Community Research and Development Information Service - CORDIS

New tool to assess visual acuity data from retinal prosthesis

Over the last decade, much effort has been put into developing visual prosthesis devices that help restore vision in blind people. However, much less has been spent on finding acceptable procedures to assess the functionality of different visual implant technologies and maximising the benefits of artificial vision.
New tool to assess visual acuity data from retinal prosthesis
Giving blind people sight again with a bionic eye has long been a major scientific aspiration. The implant aims to provide patients with visual information by electrically stimulating neurons in the retina. Several clinical trials have been conducted to test the safety and efficacy of visual prosthesis devices, demonstrating no safety concerns on their use. However, different procedures are followed each time, making comparison between different devices difficult.

Researchers within VISUAL PROSTHESIS (Visual prosthesis: From clinical trials to the psychophysics lab and back) aimed to change that by developing a novel simulator tool assessing visual acuity data provided by vision tests.

The simulator begins with a tiny digital camera mounted on the glasses, translates the images taken by the camera into data and sends them to a computer. The simulator software samples the image to match the resolution of the retinal prosthesis devices. It also blurs the image for more accurate perception of the patient's vision.

Visual acuity tests are the principle quantitative measures used to assess the efficacy and cost effectiveness of ophthalmologic treatments and procedures designed to improve or restore vision. By using this novel simulator, researchers evaluated whether and under what conditions a measured visual acuity level is a true indication that the visual prosthesis provides a patterned image.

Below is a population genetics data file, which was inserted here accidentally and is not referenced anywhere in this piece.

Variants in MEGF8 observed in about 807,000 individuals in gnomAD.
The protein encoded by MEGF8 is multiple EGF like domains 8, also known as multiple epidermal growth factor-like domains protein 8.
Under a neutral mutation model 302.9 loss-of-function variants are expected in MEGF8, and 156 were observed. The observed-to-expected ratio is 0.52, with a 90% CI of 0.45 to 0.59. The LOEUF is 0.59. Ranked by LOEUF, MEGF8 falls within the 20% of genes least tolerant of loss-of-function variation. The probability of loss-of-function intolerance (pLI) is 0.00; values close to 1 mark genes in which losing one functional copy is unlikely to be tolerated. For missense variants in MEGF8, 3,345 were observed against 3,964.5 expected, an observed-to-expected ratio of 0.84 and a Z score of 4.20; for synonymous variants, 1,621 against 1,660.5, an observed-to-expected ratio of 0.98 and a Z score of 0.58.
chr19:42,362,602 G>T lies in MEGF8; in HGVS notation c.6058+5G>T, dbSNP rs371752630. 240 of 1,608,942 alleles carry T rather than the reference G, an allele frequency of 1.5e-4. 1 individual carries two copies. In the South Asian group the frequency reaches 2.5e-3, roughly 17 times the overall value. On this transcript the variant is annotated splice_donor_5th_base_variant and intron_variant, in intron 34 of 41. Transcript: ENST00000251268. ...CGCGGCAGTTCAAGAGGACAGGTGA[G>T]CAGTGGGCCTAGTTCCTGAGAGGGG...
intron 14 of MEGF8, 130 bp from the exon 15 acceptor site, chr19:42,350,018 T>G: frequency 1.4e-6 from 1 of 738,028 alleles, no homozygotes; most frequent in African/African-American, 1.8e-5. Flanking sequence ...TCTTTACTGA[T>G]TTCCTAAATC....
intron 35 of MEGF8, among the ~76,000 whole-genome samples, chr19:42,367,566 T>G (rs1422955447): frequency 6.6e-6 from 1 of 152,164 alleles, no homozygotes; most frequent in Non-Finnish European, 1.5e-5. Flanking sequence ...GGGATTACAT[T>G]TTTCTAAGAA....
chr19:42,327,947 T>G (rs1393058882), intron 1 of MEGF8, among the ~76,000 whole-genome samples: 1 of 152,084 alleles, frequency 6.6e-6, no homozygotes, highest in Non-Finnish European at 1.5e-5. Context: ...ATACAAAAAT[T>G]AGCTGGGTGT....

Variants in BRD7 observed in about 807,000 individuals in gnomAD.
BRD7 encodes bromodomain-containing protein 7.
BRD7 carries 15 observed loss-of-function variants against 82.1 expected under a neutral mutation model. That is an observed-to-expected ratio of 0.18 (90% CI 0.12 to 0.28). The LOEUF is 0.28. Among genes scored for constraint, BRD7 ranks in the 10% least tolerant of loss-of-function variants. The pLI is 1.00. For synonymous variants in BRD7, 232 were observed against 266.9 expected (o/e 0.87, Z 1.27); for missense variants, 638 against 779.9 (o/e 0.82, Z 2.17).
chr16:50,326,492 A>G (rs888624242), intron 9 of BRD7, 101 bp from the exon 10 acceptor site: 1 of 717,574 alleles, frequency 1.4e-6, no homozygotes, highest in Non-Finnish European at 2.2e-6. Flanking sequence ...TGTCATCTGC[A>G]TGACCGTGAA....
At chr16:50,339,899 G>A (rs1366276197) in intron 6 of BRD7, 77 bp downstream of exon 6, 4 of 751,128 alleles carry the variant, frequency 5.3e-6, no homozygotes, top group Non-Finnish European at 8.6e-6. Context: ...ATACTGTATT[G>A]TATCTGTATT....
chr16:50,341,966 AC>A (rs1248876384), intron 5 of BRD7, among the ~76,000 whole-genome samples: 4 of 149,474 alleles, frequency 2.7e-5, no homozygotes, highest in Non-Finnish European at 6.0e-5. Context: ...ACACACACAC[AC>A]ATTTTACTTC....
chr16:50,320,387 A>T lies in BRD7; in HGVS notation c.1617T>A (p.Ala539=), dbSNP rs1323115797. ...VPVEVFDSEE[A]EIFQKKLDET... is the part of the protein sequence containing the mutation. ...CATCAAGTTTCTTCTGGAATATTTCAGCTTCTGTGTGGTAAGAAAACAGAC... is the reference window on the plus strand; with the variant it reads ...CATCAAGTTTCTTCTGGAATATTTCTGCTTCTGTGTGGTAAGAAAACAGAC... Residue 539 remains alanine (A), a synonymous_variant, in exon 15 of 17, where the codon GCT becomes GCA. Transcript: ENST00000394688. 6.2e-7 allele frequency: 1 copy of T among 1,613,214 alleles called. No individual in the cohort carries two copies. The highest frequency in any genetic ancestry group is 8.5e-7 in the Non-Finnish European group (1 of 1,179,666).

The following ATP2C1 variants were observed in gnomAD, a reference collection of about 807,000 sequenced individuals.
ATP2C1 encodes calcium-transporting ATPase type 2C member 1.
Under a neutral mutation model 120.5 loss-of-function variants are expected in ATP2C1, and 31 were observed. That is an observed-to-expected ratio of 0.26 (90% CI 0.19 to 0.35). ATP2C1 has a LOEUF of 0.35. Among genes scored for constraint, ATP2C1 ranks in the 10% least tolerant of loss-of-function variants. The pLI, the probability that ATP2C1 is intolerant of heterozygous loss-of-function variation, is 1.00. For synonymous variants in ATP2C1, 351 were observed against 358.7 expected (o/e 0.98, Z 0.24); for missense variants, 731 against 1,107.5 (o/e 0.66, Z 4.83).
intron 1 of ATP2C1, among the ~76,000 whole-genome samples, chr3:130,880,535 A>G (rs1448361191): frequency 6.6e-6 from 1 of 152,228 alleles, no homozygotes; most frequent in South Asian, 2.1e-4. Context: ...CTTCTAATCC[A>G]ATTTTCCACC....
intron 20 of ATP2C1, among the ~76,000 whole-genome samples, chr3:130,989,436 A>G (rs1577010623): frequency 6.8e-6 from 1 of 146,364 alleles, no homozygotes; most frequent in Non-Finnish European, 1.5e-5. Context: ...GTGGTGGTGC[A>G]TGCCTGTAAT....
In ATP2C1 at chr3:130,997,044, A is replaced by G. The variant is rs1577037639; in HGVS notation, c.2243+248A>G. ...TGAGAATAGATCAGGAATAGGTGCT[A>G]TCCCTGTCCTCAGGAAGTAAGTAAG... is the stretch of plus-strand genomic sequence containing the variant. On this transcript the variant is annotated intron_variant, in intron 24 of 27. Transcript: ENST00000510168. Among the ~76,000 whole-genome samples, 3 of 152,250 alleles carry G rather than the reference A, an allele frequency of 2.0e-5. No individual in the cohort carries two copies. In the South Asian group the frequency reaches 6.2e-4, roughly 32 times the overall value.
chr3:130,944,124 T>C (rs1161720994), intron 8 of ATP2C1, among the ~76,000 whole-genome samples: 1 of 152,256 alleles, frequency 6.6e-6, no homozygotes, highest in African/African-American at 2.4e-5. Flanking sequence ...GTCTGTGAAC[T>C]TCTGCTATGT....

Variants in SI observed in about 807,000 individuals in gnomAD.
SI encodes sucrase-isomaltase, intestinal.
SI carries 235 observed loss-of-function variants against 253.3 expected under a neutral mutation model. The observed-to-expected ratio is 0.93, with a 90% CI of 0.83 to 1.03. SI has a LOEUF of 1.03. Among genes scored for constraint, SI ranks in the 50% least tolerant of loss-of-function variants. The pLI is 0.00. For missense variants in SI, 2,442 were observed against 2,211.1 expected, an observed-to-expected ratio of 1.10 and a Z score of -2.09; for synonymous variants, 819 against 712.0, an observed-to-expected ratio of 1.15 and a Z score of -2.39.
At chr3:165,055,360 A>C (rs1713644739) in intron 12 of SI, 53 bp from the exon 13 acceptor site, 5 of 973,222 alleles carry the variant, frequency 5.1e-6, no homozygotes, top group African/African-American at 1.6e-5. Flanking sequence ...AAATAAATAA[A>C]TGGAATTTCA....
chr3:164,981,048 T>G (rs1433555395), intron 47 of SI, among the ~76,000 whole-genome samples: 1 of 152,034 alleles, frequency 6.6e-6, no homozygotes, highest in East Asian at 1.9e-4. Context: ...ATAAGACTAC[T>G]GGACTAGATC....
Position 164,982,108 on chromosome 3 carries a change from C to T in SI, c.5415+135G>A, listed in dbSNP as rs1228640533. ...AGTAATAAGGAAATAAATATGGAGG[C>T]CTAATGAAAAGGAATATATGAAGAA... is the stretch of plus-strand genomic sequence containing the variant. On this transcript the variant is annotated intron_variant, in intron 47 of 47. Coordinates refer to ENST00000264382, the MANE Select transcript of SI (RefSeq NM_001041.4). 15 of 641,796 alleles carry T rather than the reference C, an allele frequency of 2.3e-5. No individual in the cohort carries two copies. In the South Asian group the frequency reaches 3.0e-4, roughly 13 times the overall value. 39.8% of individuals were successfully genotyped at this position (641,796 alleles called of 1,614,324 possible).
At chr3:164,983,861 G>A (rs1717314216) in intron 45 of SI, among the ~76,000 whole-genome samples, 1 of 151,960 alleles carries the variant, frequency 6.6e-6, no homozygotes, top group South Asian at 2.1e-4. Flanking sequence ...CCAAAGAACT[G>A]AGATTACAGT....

Using the simulator at various blurring conditions, the team found that special eye charts such as Landolt C do not provide consistent visual acuity data. When the resolution is limited, the brain of sighted people can better integrate smooth, blurred information relative to distinct, square pixelated data. Head and eye movements help the brain acquire visual information from different locations and improve detectability.

Researchers also explored how eye movements can influence retinal prosthesis. Results collected from two subjects demonstrated that it is much easier to locate a target using eye rather than head movements.

Tests assessing the benefits of retinal prosthesis devices should focus on the usability of the device for everyday use. Researchers concluded that assessments need to focus on localisation tasks, which are the main benefit of the current retinal prosthesis.

Related information


Visual acuity, retinal prosthesis, visual prosthesis, vision, localisation
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